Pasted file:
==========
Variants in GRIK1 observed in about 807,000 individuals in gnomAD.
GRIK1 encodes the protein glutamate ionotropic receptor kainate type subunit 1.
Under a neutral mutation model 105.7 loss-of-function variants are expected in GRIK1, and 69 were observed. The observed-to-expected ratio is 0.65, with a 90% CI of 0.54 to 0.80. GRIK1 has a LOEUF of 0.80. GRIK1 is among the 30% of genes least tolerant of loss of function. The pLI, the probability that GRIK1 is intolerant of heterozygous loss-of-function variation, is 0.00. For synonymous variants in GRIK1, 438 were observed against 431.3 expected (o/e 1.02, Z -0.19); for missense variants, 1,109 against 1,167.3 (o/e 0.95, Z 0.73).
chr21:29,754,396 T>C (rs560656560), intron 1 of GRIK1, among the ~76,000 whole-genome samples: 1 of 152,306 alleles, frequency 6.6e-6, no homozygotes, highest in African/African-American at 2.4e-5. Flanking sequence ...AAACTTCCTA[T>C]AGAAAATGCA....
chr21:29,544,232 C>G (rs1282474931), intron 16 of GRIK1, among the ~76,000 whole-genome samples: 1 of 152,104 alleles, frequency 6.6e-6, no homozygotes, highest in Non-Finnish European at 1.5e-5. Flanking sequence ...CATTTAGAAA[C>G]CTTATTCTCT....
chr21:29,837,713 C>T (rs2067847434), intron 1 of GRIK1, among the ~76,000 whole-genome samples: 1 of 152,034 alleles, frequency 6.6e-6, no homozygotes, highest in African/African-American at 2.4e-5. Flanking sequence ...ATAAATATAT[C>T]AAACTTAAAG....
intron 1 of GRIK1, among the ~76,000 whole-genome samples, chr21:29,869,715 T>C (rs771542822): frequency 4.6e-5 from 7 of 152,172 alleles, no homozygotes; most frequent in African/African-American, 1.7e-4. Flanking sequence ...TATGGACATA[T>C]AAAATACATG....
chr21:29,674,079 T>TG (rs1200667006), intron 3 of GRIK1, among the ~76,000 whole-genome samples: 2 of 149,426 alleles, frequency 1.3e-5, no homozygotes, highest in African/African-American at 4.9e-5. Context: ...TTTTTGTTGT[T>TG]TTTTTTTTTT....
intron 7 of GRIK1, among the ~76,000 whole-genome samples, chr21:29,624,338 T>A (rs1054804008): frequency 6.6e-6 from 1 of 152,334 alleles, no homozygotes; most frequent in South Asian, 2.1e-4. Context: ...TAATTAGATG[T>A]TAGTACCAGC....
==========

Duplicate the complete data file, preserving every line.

Variants in GRIK1 observed in about 807,000 individuals in gnomAD.
GRIK1 encodes the protein glutamate ionotropic receptor kainate type subunit 1.
Under a neutral mutation model 105.7 loss-of-function variants are expected in GRIK1, and 69 were observed. The observed-to-expected ratio is 0.65, with a 90% CI of 0.54 to 0.80. GRIK1 has a LOEUF of 0.80. GRIK1 is among the 30% of genes least tolerant of loss of function. The pLI, the probability that GRIK1 is intolerant of heterozygous loss-of-function variation, is 0.00. For synonymous variants in GRIK1, 438 were observed against 431.3 expected (o/e 1.02, Z -0.19); for missense variants, 1,109 against 1,167.3 (o/e 0.95, Z 0.73).
chr21:29,754,396 T>C (rs560656560), intron 1 of GRIK1, among the ~76,000 whole-genome samples: 1 of 152,306 alleles, frequency 6.6e-6, no homozygotes, highest in African/African-American at 2.4e-5. Flanking sequence ...AAACTTCCTA[T>C]AGAAAATGCA....
chr21:29,544,232 C>G (rs1282474931), intron 16 of GRIK1, among the ~76,000 whole-genome samples: 1 of 152,104 alleles, frequency 6.6e-6, no homozygotes, highest in Non-Finnish European at 1.5e-5. Flanking sequence ...CATTTAGAAA[C>G]CTTATTCTCT....
chr21:29,837,713 C>T (rs2067847434), intron 1 of GRIK1, among the ~76,000 whole-genome samples: 1 of 152,034 alleles, frequency 6.6e-6, no homozygotes, highest in African/African-American at 2.4e-5. Flanking sequence ...ATAAATATAT[C>T]AAACTTAAAG....
intron 1 of GRIK1, among the ~76,000 whole-genome samples, chr21:29,869,715 T>C (rs771542822): frequency 4.6e-5 from 7 of 152,172 alleles, no homozygotes; most frequent in African/African-American, 1.7e-4. Flanking sequence ...TATGGACATA[T>C]AAAATACATG....
chr21:29,674,079 T>TG (rs1200667006), intron 3 of GRIK1, among the ~76,000 whole-genome samples: 2 of 149,426 alleles, frequency 1.3e-5, no homozygotes, highest in African/African-American at 4.9e-5. Context: ...TTTTTGTTGT[T>TG]TTTTTTTTTT....
intron 7 of GRIK1, among the ~76,000 whole-genome samples, chr21:29,624,338 T>A (rs1054804008): frequency 6.6e-6 from 1 of 152,334 alleles, no homozygotes; most frequent in South Asian, 2.1e-4. Context: ...TAATTAGATG[T>A]TAGTACCAGC....